In the endless ebb and flow of markets and new businesses there are constantly casualties along the way. It’s estimated that approximately 50% of businesses fail in the first five years. Many, if not all of those businesses ever gain any real national brand recognition and thus, very few even know when the company has closed its doors. Each year however, there are a handful of well-known established companies who are either forced out of the market or are required to make dramatic changes in their image. There are a plethora of reasons why this happens but, almost without exception, the root cause is embedded in simple economic principles. This blog post (based on a 24/7 Wall St. article) will expose two companies likely to close their doors in the coming years and will discuss the likely economic principles behind why.
First, let’s briefly explore the camera industry and in particular, Olympus. Years ago, when the concept of putting a camera on your cell phone first emerged, this idea was a very low threat to the digital camera industry. Not only was the quality of the image horrible, but there was virtually no easy way to extract the image from the phone. As a result, demand for digital cameras soared, providing ample room in the industry for a number of competitors. The passage of time however, has brought with it more sophisticated technology which allows users to both capture and share images anytime, anywhere. As a result, worldwide unit sales of digital cameras are down 18% in 2012. Ironically, Olympus seems to not have seen this coming (actual sales were less than two-thirds of what they forecasted). While the phone camera’s image might not quite match the quality of a comparable digital camera, it has gotten good enough to act as an adequate substitute thus dramatically decreasing demand for digital cameras. The digital camera market is currently reacting to this shift in demand but we currently still see companies trying to decrease their supply and find viable ways to stay in business. This adjustment will ultimately result in companies (or at least product lines) being forced out of the market. In order to survive, Olympus is going to need to make drastic changes.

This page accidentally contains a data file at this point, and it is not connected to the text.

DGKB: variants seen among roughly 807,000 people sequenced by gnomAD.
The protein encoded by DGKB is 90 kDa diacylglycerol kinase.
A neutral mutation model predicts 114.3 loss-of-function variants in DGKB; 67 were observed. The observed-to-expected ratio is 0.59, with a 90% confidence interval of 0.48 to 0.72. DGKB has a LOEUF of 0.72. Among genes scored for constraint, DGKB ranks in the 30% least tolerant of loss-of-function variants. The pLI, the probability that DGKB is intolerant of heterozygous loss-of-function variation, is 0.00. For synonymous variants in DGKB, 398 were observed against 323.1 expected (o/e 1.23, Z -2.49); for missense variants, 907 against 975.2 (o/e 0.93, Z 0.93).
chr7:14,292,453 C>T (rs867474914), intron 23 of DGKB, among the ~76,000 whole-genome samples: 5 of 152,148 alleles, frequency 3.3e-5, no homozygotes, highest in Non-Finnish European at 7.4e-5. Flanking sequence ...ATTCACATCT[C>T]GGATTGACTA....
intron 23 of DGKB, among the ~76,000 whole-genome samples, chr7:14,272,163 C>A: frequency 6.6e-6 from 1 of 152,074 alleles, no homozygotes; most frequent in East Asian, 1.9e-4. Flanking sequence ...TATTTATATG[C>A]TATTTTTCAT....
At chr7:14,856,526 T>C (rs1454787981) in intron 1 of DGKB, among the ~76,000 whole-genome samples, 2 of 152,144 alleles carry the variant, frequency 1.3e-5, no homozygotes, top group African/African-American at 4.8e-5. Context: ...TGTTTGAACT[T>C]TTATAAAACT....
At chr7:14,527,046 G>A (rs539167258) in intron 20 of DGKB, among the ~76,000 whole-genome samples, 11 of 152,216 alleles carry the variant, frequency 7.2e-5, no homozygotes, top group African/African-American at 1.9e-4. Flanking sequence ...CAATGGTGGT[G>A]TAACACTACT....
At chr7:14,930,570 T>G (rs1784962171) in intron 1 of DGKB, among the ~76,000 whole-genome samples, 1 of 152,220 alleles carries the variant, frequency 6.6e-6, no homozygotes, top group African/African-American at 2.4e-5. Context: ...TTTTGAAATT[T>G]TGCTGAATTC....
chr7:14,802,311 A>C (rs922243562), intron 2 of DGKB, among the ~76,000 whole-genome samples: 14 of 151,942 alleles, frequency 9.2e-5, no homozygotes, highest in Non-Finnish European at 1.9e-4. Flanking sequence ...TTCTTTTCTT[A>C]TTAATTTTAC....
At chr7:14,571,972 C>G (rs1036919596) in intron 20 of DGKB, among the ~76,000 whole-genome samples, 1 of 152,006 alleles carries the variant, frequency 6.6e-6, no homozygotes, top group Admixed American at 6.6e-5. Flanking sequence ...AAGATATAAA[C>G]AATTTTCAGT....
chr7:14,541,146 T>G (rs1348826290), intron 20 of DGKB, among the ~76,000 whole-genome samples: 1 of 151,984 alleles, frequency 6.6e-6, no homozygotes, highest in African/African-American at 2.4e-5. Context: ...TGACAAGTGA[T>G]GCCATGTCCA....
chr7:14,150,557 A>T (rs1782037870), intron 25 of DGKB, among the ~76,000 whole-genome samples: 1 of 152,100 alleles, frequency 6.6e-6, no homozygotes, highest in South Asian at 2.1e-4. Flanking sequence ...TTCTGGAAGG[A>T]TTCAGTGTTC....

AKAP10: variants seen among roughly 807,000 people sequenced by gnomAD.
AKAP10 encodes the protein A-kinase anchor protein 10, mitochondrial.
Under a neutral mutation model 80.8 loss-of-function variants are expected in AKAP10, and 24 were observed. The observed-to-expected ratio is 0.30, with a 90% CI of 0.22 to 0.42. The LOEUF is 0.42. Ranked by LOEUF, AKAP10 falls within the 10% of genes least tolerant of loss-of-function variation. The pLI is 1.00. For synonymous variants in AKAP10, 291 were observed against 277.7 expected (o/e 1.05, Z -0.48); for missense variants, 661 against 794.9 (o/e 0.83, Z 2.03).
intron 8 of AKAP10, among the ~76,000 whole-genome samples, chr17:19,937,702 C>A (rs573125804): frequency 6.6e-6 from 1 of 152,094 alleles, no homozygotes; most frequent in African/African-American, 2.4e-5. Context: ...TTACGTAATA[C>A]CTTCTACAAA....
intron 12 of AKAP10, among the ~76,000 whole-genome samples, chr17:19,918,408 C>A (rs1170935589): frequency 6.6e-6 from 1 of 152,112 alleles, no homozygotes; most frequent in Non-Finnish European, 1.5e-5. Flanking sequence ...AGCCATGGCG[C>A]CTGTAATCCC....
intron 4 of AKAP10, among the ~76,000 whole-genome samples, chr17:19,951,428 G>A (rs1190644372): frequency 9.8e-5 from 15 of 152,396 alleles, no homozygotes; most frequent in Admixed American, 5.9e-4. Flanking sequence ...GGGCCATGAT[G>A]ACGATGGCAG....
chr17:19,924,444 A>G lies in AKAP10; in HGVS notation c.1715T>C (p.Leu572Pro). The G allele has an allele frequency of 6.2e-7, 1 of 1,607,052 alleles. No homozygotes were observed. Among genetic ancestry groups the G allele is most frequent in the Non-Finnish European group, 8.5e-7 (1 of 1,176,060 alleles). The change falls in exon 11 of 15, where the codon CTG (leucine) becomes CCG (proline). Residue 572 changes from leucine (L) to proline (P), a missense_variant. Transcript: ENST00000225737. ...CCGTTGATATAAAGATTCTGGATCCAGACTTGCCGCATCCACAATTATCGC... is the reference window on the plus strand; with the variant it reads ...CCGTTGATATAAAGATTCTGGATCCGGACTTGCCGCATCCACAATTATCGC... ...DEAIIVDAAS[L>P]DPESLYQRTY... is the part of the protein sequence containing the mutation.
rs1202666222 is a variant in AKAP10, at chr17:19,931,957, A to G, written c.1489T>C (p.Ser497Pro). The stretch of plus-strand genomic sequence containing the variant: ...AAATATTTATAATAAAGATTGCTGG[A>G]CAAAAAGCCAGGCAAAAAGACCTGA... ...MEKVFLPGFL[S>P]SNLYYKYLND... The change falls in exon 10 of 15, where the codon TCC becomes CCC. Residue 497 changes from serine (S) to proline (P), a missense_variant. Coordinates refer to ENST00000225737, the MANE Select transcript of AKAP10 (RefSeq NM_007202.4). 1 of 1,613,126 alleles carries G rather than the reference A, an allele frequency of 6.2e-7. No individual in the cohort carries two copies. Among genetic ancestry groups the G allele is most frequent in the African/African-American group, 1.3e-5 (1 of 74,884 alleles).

Next, there is a high likelihood that the WNBA (Women’s National Basketball Association) might take a major hit in the next twelve to eighteen months. “The Chicago Sun Times reported back in 2011 that ‘The majority of WNBA teams are believed to have lost money each year, with the NBA subsidizing some of the losses.’” These losses are likely attributable to the very low attendance at each game. The NBA average attendance is around 18,000 fans while average attendance for WNBA is less than half that. Economically speaking, this means that some percentage of every ticket purchased for an NBA team is helping pay for and sustain the WNBA. Because the demand clearly isn’t there, from an economic perspective, the company should go away. It’s simply not a sustainable venture. The article suggests that the primary reason the WNBA has lasted as long as it has is because the commissioner of the NBA (David Stern) has been a “champion and protector” of it. He however, is set to retire in early 2014. The jury’s out on whether the WNBA will survive the change in commissioner.
These two examples illustrate different ways in which demand (or the lack thereof) can have a dramatic impact on businesses and their longevity in the marketplace. Companies unwilling to adapt to the marketplace, or find a niche within the market are likely to disappear along with the vast number of startups who never make it to their five year anniversary.